A transportation company subcontracts to XYZ Freight to haul widgets. XYZ Freight, in turn, contracts with a driver to transport the widgets from San Diego to Redding, CA. While en route, a cotter pin on the braking mechanism fails, causing a multiple car collision near Gilroy, CA. The drivers involved in the accident sue the truck manufacturer under a theory of strict liability for brake failure cause by a manufacturing defect. The manufacturer, in turn, sues the transportation company, XYZ Freight, and the driving company for reimbursement or indemnity for negligence in the installation and maintenance of the components.

This article will address:

  • Whether and under what circumstances a settling defendant will be protected from subsequent claims for indemnity from the remaining parties?
  • Whether settlement will preclude the settling defendant from reimbursement of costs in defending the action?

Litigation over construction or manufacturing defect claims is often a hodgepodge of claims, crossclaims and counterclaims, involving a variety of parties at various stages of the manufacturing process. Unlike contribution, indemnity can be sought for either tort liability or contractual liability. A right of indemnity can be contractual or implied. A claim for contractual indemnity must be based upon a written agreement between the parties under which one party agrees to indemnify and hold the other party harmless for any loss, claim, or liability which the indemnitee may incur or be liable for to a third party. If an express agreement for indemnity exists, any right of implied indemnity will be precluded.

Where there is no contractual agreement of indemnity between parties, or where the liability, loss or damage against which indemnity is sought is beyond the scope of the agreement, a right of comparative indemnity may be implied, nevertheless.

Comparative indemnity is premised on joint liability for the same wrong. In California, a strictly liable defendant may pursue a claim for comparative indemnity against another strictly liable party, or a party whose liability is based on negligence. However, under current California law, a tort defendant who settles in good faith with the plaintiff is generally relieved of all further liability in the case, whether to the plaintiff or other non-settling defendants. This foreclosure of liability is based on the public policy seeking to encourage settlement before trial and is implemented under California Code of Civil Procedure section 877.6, which authorizes a hearing on the issue of good faith settlements. Under section 877.6, only settlements in good faith preclude claims for indemnity from the non-settling defendants. Thus, a settling defendant who utilizes the protections authorized by a good faith hearing will be insulated from claims for indemnity from subsequent claims from other, non-settling defendants.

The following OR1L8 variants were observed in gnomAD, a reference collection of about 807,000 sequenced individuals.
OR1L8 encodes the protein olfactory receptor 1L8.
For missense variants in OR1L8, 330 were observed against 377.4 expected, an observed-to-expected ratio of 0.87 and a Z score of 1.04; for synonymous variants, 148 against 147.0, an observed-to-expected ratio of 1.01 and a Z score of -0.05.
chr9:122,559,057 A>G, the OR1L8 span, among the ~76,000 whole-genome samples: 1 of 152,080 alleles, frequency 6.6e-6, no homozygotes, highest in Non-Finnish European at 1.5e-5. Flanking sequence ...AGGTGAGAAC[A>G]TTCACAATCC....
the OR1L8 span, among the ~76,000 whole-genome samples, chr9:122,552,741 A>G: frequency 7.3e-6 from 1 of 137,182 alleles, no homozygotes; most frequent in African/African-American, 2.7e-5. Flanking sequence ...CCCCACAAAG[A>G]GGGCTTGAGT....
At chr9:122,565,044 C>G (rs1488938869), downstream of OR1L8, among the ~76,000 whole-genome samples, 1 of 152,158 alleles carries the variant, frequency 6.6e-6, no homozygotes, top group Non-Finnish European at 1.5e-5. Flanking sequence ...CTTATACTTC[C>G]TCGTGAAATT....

In addition to indemnifying the strictly liable manufacturer, this defendant, or indemnitee, may be required to reimburse the manufacturer for attorney fees if he was required to employ counsel to prosecute or defend an action because of the tort of the indemnitee. For example, if B is required to indemnify A, B may also be required to reimburse A for his attorney fees incurred if A was required to employ counsel to prosecute or defend an action because of B’s tort. This right to attorney fees is designed to compensate a party who is unjustly required to commence or defend against litigation because of a third party’s (indemnitee’s) misconduct. It does not apply where the party incurred attorney fees in defense of his own wrongdoing. Therefore, if A is found to be at fault, he is precluded from reimbursement for the cost of defending the action. Nevertheless, settlement can be especially attractive when a defendant to a multi-party suit is facing a potential claim for indemnification.

However, the award of attorney fees is available only following adjudication of the case on its merits. Therefore, if the party against whom such fees could be sought has been released by a pretrial settlement, reimbursement of attorney’s fees is not allowed. This must be considered anytime settlement is a consideration. On the one hand, a good faith settlement before trial can forestall subsequent claims for indemnification by other parties to the lawsuit. On the other hand, a faultless defendant who elects to settle short of adjudicating a claim on the merits will be preempted from recovering his costs and attorney fees through indemnification.

Although a defendant may ultimately decide it is economically and strategically advantageous to settle a claim, various considerations must be considered. Importantly, he must ensure settlement is in good faith and approved by the court. This will insulate the defendant from subsequent claims for indemnity by other parties. Equally important, the defendant should consider whether settling will surrender the right to recovery, including costs and attorney fees, from other parties through a claim for indemnification.

For more information on this topic, please contact one of our professional liability attorneys at (619) 238-1712 or visit our practice areas for more information.